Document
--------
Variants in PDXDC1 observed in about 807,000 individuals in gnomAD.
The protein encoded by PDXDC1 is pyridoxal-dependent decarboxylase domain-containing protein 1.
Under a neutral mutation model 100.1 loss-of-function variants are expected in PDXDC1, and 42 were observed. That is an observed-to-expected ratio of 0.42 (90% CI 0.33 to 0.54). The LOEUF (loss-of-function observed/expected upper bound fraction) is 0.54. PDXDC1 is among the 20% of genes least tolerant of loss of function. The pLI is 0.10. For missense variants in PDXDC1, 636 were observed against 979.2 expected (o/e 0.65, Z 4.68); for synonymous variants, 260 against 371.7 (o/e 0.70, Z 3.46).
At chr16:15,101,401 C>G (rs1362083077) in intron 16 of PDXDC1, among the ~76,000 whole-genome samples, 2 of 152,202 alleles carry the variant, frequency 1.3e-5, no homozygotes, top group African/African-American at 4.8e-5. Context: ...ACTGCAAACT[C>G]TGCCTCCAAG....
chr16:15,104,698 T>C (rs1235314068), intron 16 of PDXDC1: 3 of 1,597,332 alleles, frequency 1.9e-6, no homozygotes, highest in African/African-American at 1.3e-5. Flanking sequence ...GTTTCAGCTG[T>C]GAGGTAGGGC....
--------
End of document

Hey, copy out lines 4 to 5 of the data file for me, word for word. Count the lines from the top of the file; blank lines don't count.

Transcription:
At chr16:15,101,401 C>G (rs1362083077) in intron 16 of PDXDC1, among the ~76,000 whole-genome samples, 2 of 152,202 alleles carry the variant, frequency 1.3e-5, no homozygotes, top group African/African-American at 4.8e-5. Context: ...ACTGCAAACT[C>G]TGCCTCCAAG....
chr16:15,104,698 T>C (rs1235314068), intron 16 of PDXDC1: 3 of 1,597,332 alleles, frequency 1.9e-6, no homozygotes, highest in African/African-American at 1.3e-5. Flanking sequence ...GTTTCAGCTG[T>C]GAGGTAGGGC....